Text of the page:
When I saw this necklace on Etsy, I immediately wanted one, but I was not going to pay $75 no matter how much it was calling my name. So I Googled the name hoping to find some instructions on how to make one for myself. I found a YouTube video with step-by-step instructions. The YouTube video explains this DIY the best, but I’ve tried my best to write out the steps and include what I did differently.
Tree of Life Necklace (adapted from CamilleSharon’s YouTube tutorial)
What you need:
- 16 gauge wire (5 pieces at 8-9 inches each and one piece at 6 inches)
- 24 gauge wire (one at 8 inches)
- Beads (I just bought a string of beads at a craft store)
- Something circular to form the hoop around (I used a water bottle)
1. Take the 16 gauge wire and make a loop around one end. She uses a pair of round-nose pliers for this but really a regular pair of pliers would do the trick as well. Or you can invest in a set of crafting pliers. I bought my set for about $10 at Hobby Lobby. Shape the rest of the wire into a circle forming your frame. Make a loop going in the opposite direction on the other end of the wire.
2. The next step was actually the trickiest part for me, but you’re going to essentially wire the two ends together. You accomplish this by taking the smaller, six in. piece of wire, threading it through one of the loops you made and twisting it around a couple times. Then you bring the two ends together and twist the wire around both ends a few times. Finally you twist the wire around the other looped end a few times, securing the wire. After that, you can cut off the excess wire.
3. Now you should have a hoop with two loops at the top. Next you’re going to take one of the 16 gauge wire pieces, fold it in half and twist it around the hoop. Twist it a couple times to secure it to the hoop, but don’t over-twist or you’ll break the wire. Then you’re going to string the beads on. This is where I started diverging from the video. Since my hoop was smaller, I didn’t need as many beads as she was using, nor did I use as much wire as she was using. I’ve found that the best way to do this pendant is to put half the wire branches on one side and the other half on the other side, so you don’t have to worry about try to move the branches to the other side of the pendant at the end. You can secure the wires all at once or do the branches one at a time. I typically do the branches one at a time.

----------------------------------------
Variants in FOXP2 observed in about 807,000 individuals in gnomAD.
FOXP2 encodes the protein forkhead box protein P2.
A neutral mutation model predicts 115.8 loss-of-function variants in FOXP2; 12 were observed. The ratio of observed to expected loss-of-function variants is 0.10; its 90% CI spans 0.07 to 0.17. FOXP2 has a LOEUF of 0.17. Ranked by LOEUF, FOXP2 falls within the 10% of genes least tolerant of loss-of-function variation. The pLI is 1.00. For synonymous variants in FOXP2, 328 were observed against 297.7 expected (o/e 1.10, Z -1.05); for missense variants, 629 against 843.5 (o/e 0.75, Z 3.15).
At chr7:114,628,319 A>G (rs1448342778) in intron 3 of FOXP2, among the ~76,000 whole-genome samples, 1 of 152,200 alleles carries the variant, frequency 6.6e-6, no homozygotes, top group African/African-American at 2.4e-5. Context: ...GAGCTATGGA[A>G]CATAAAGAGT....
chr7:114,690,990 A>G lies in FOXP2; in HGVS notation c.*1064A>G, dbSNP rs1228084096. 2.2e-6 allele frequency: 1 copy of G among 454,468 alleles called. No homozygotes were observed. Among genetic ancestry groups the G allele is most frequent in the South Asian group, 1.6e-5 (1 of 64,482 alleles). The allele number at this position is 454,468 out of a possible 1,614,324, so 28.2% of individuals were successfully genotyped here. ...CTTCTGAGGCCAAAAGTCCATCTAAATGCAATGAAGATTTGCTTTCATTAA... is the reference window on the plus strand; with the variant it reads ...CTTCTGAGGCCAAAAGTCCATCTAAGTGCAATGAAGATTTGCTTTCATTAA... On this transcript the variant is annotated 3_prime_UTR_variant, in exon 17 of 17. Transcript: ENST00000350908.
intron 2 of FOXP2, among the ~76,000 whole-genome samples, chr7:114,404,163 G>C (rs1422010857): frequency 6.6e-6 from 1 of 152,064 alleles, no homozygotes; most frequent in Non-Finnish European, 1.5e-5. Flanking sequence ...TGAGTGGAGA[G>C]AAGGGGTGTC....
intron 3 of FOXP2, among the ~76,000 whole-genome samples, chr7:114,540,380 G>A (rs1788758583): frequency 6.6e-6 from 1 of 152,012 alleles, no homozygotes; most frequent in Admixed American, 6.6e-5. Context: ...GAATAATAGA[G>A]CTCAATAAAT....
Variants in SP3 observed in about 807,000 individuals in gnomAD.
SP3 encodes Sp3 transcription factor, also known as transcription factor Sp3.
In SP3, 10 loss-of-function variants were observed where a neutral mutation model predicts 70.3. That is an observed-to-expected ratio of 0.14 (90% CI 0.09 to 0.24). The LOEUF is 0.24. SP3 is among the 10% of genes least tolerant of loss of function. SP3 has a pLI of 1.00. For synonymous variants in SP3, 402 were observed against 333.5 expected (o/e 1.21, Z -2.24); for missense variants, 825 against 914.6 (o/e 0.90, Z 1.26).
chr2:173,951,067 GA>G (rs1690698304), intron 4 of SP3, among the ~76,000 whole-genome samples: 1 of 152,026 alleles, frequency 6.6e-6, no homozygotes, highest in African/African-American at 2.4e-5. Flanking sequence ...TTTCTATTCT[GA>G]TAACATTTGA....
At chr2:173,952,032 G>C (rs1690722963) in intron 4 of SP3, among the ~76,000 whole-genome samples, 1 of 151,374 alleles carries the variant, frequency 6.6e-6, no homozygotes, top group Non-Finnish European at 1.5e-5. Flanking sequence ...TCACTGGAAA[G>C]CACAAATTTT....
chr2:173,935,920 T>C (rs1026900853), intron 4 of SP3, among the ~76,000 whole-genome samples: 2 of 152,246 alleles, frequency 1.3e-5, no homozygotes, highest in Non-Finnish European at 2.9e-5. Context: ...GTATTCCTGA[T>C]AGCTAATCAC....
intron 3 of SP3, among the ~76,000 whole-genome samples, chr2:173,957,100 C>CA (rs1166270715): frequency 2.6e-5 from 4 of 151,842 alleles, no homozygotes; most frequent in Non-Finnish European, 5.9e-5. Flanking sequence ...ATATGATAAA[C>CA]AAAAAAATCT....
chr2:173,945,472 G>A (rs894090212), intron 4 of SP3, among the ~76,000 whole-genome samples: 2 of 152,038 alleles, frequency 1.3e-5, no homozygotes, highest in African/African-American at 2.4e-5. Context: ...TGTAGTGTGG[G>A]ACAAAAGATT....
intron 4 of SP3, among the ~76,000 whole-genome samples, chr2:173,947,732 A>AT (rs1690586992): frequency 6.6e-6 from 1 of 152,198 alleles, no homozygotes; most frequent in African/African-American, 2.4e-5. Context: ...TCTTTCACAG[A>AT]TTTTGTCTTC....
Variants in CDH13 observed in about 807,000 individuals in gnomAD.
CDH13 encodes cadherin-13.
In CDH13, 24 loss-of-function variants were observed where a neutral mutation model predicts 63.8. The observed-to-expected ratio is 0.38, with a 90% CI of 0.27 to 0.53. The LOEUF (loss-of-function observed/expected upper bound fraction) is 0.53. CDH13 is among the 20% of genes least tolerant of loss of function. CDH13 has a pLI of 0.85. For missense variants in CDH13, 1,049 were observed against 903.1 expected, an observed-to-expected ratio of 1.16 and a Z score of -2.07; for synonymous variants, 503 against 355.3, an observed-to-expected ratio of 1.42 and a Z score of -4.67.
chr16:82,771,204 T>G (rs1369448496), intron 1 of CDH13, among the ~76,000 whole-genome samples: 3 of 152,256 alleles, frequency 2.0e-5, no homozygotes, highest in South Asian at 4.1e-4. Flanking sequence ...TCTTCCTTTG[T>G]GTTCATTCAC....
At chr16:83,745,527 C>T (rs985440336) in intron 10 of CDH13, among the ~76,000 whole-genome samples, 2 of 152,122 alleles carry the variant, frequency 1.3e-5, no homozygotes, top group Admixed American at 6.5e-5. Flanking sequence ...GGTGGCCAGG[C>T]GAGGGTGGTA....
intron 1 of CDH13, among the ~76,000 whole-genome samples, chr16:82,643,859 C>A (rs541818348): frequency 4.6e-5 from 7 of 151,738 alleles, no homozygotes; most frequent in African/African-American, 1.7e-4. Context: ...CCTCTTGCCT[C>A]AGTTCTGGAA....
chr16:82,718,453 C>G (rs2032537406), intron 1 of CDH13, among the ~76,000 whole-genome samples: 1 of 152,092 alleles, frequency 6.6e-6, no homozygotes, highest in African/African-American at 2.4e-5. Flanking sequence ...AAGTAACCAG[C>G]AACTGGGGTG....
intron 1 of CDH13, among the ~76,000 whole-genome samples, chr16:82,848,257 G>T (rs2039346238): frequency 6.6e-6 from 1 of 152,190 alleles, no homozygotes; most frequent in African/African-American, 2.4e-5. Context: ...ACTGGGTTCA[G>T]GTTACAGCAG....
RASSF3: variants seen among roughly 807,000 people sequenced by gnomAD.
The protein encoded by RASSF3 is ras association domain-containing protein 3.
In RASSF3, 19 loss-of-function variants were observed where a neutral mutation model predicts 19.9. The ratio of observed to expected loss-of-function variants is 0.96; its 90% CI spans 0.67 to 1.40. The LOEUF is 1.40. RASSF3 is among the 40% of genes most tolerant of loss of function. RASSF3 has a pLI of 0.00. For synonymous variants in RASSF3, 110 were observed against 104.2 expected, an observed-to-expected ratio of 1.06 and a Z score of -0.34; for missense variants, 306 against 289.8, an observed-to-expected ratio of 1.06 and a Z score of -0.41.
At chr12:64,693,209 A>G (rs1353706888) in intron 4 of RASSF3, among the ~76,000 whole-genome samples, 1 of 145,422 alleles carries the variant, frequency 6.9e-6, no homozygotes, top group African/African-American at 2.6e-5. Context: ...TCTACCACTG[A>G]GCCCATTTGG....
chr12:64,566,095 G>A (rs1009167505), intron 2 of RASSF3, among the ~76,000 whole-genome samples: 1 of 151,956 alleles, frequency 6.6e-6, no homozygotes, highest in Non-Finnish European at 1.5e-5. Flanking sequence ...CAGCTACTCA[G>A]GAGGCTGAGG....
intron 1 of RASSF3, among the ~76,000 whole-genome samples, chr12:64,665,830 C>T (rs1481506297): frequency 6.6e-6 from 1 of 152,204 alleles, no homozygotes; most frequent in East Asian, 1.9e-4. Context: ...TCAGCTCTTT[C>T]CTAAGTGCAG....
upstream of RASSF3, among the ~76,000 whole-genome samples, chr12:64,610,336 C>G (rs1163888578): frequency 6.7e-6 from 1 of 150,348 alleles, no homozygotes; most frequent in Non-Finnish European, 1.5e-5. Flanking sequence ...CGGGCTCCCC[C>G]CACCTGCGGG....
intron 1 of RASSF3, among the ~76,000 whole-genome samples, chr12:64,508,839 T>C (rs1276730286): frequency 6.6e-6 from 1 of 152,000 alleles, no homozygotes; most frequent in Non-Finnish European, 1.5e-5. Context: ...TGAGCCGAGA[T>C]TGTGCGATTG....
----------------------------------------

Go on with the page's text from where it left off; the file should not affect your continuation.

4. Next you’re going to add the beads to the branch wires. This can be modified any way you want, but for this necklace, the order I used from left to right is 3-4-4-5-5 with three branches on the left side and two on the right side. This is entirely dependent on the size of your frame and the size of your beads. I like to eyeball it while I’m working on it so there are just enough beads. Also since the branches are divided in two, I split the number of beads further so I ended up stringing the beads 1-2-2-2-2-2-2-3-2-3.
5. I preferred to do one branch at a time, and from the middle out. So after you string the beads, twist wire to hold the beads in place. Eventually, you’ll have five branches with beads on them.
6. Now you have some more creative freedom. You’re going to twist the excess wires together to form the trunk of the tree until you almost reach the bottom.
7. Then you’re going to fan out the wires and twist them around the bottom of the hoop to form the “roots.” Don’t worry about being too exact because it’s a tree and imperfections add to the beauty of the piece.
8. Finally string a chain through the top loop of the hoop and you’re done.
In her video, she makes a two in diameter pendant. I thought it was a little big for me, so I shaped the hoop smaller to make the pendant smaller. The hoop ends up being the outer frame of the pendant. Therefore I used fewer branch wires and beads than she did in her tutorial.
This project has become one of my go-to projects for unique gifts and the tediousness of twisting the wire, adding the beads, shaping the necklace makes it also ideal when I need something to take my mind off of school and relax a little.
I gave this project a difficulty rating 4.5/5 because of the attention to detail involved in twisting the wires and shaping the pendant.